My Antonia, more a book than a play
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My Antonia, more a book than a play
by Miryam Gordon - SGN A&E Writer

My Antonia Directed by Susanna Burney
Book-It Repertory Theatre
Through December 21

Book-It Repertory's newest production is an adaptation of the book, My Antonia, by Willa Cather. Adaptor Annie Lareau also stars as Antonia in the production. The book is a spare, simply written tale of a Bohemian family who moves to the American West from Europe and has to learn virtually everything from scratch, including cooking, keeping food from spoiling, and how to protect themselves from "helpful" people who sell them old, broken-down animals for exorbitant prices. The story is told by Jim Burden, who also arrives in the West as a 10-year-old orphan to stay with his grandparents. Antonia, at the start of the novel, is 14 years old, but both Antonia and Jim discover many new things at similar times, and have much in common.

The production creates a wonderful atmosphere and uses some of Book-It's excellent band of experienced actors. Lareau embodies Antonia as if she were born Bohemian. Clark Sandford, as the patriarch, Mr. Shimerda, is heartbreaking in his inability to make the transition to the New World. George Mount does the heavy lifting as younger and older Jim Burden, with a sweet youthful manner and poetic descriptions of the land. Barbara Lindsay as Grandmother and Tom Butterworth as Grandfather create a nice family feeling for the young Jim. Mik Kuhlman as Mrs. Shimerda (Antonia's mother) is both unintentional comic relief and exemplary of the massive difficulty the family has in transitioning. Later, Kuhlman makes an upstanding townswoman who tries to help Antonia. Anna-Lisa Carlson is a lovely young immigrant woman with a mind of her own and an eye for maturing Jim.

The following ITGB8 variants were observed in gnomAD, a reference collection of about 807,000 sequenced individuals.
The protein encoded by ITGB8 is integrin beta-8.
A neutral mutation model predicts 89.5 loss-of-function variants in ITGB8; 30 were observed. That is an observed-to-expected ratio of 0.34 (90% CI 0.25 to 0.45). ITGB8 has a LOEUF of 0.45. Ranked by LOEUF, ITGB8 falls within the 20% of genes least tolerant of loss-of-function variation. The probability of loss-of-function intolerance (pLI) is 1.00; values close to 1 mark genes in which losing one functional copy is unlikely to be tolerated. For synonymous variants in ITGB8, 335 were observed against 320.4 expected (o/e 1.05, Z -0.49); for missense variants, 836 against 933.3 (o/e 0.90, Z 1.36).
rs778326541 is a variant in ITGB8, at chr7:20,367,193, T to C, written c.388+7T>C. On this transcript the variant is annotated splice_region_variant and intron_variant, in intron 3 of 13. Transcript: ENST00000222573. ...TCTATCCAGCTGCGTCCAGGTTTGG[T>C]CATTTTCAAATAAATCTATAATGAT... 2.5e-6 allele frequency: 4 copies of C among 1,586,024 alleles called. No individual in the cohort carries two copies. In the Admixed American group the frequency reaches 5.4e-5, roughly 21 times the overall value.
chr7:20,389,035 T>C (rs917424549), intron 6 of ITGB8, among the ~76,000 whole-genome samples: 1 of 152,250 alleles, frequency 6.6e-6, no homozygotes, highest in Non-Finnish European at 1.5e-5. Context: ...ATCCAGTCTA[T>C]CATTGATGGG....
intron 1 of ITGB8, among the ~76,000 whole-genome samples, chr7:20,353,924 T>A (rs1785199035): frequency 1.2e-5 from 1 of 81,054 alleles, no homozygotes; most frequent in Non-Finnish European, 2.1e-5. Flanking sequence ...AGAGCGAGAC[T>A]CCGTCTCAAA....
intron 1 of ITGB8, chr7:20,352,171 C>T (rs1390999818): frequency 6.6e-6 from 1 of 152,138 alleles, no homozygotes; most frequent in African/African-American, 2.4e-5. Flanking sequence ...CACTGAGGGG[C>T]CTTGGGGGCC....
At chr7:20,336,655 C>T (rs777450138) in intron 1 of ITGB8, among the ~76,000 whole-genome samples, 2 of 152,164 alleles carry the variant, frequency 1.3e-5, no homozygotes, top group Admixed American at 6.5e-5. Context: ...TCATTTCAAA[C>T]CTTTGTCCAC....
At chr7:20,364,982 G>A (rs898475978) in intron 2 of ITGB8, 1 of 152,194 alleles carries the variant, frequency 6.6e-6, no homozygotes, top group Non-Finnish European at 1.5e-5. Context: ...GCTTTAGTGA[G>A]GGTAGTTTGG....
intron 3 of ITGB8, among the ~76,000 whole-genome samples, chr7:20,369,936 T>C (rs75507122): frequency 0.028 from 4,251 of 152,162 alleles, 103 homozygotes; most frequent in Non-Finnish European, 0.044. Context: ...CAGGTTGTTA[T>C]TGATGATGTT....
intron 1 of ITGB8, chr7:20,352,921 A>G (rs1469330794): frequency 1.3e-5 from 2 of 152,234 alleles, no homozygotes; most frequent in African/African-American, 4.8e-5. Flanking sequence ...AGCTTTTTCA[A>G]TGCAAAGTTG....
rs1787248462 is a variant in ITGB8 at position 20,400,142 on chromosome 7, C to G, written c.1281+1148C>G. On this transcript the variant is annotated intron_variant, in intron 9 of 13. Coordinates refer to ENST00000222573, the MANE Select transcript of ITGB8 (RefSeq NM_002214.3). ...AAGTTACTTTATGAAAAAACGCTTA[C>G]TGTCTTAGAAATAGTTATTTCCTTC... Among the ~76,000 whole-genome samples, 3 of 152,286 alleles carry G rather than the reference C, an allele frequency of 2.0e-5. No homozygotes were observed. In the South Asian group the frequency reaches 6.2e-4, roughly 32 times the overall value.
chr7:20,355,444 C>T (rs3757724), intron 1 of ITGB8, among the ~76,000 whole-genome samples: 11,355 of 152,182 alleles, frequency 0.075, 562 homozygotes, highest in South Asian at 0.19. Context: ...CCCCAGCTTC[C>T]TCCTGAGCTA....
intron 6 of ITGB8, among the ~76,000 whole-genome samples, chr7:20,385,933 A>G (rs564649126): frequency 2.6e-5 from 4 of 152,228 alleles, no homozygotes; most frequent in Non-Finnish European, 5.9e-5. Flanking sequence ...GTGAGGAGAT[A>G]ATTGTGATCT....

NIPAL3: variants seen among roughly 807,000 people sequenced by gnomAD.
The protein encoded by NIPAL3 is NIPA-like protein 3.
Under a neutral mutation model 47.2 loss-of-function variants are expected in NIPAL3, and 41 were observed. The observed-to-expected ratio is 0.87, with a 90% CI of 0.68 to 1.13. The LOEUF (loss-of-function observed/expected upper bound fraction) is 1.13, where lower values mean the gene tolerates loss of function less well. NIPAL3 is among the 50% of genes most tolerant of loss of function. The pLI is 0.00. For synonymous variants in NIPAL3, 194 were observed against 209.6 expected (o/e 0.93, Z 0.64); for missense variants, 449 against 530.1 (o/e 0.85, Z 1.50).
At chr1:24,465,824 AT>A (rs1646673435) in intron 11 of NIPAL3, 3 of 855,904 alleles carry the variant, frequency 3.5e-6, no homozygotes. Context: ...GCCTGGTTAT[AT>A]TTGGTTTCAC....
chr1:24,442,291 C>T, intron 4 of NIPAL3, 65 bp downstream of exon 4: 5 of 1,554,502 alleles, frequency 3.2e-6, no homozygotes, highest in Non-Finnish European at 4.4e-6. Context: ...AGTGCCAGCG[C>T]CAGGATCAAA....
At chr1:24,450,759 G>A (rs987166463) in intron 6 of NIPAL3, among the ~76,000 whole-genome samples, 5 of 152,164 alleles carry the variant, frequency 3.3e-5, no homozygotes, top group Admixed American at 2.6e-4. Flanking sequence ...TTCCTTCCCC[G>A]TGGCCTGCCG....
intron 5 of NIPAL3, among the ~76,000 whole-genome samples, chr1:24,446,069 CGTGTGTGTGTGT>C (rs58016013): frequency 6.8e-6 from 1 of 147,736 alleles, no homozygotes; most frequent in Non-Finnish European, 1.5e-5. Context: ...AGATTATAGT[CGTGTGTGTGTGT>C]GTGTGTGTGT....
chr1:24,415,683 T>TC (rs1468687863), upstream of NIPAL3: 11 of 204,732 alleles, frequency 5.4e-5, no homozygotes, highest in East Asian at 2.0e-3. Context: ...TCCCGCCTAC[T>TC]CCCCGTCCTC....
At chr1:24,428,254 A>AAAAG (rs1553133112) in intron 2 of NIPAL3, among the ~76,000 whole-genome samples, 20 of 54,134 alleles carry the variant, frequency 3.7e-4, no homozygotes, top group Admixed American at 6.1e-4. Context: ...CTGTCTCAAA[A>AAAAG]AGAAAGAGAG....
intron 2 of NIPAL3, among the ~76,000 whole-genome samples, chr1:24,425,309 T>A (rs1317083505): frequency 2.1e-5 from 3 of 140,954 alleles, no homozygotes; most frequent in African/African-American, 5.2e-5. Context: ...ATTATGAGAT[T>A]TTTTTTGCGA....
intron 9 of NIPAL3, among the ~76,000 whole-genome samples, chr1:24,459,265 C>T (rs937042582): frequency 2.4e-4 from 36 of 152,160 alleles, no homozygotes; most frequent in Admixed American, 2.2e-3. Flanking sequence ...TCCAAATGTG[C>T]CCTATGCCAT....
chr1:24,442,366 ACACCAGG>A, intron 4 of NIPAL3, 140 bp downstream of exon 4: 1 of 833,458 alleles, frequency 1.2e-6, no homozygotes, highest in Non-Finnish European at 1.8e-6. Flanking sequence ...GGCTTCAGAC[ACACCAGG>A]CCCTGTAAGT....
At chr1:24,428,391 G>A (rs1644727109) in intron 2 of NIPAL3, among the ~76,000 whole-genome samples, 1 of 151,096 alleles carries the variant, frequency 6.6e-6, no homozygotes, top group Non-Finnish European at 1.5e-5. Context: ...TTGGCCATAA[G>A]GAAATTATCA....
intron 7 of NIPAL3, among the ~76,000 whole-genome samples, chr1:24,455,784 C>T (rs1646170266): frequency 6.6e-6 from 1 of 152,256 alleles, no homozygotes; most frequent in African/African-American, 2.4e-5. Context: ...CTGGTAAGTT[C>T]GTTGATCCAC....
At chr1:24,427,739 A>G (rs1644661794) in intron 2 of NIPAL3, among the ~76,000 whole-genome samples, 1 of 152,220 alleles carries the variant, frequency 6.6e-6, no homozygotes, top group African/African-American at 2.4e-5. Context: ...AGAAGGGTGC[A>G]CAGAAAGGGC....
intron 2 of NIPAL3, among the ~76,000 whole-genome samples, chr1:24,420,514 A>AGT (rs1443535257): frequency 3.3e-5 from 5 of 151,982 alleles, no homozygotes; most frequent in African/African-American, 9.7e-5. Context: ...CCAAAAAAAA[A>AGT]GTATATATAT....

Costumes by Janessa Jayne Styck, choreography by Laura Ferri, and strong dialect support from coach Judith Shahn gracefully enhance the event. The beautifully understated set by Bliss Kolb is a kind of windswept rolling plain perfectly evoking the description of the land.

However, ultimately, the script ends up being more of a storytelling session with demonstrations. Adapting one art form into another can be very difficult, and adding the layer of Book-It's determination to stay close to the book, including narrative elements, makes that a notch harder. In this case, perhaps it was that Annie Lareau, as the adaptor, was too appreciative of Cather's work. Making a dramatic production means finding the strongest storyline and then making active, dynamic dialogic scenes. In this regard, it fails. It's got way too much narration, which undercuts dramatic moments that could have been much more emotionally immediate for the audience. Maybe it takes a more ruthless approach than was done here. It's also a very long production at almost three hours. So, one ends up with a mixed feeling toward the story.

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